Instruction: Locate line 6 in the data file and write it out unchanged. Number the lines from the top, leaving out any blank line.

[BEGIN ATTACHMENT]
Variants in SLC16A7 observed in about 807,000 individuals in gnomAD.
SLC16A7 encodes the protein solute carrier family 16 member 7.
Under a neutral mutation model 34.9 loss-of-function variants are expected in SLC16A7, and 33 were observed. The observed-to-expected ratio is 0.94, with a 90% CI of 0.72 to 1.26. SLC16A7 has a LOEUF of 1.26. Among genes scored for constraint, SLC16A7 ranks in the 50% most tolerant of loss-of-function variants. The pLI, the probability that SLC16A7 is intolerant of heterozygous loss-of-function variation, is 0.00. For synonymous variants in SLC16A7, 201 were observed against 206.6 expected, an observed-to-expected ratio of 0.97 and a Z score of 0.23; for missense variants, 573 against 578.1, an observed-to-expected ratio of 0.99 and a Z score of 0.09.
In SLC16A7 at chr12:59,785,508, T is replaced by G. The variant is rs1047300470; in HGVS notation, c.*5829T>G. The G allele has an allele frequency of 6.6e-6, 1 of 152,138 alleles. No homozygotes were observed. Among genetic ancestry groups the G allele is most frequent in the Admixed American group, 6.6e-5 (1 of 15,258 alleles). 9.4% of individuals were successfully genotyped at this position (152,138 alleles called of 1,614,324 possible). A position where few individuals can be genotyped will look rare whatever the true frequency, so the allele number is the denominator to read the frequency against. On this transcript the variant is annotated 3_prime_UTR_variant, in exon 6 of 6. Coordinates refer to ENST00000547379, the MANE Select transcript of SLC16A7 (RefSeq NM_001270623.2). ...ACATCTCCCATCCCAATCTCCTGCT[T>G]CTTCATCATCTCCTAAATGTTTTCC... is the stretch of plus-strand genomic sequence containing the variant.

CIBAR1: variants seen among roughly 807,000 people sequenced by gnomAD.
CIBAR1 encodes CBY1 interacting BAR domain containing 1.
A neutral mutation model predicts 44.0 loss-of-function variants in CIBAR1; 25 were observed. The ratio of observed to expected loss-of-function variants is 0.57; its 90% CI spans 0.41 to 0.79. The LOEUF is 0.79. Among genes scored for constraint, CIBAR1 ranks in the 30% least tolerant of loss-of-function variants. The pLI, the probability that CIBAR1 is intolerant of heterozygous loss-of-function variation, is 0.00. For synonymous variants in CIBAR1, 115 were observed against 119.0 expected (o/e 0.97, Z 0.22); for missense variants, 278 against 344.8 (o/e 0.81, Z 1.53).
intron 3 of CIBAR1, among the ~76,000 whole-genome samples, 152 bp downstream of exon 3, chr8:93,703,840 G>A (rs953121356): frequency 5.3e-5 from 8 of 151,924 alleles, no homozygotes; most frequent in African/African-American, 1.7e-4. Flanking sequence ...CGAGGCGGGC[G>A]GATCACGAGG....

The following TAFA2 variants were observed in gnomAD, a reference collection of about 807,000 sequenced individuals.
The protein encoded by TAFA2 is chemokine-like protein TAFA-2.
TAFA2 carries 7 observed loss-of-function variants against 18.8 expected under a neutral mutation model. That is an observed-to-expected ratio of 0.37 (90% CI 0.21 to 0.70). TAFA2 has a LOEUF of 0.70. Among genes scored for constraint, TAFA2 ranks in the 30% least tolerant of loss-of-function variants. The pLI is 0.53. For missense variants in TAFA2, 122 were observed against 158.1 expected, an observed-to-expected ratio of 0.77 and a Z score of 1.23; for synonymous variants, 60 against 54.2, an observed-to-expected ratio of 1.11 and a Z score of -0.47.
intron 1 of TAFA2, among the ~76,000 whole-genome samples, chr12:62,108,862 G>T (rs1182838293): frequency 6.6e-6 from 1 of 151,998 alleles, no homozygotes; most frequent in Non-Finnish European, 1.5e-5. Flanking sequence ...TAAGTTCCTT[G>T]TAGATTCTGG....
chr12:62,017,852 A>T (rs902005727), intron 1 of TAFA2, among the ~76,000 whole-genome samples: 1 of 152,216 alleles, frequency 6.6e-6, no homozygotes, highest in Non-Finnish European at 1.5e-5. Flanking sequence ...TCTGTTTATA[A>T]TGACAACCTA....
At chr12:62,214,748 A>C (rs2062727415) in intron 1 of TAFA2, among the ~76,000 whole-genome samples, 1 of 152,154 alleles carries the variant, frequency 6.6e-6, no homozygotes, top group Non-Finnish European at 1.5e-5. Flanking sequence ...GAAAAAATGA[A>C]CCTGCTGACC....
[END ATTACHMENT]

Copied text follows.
CIBAR1 encodes CBY1 interacting BAR domain containing 1.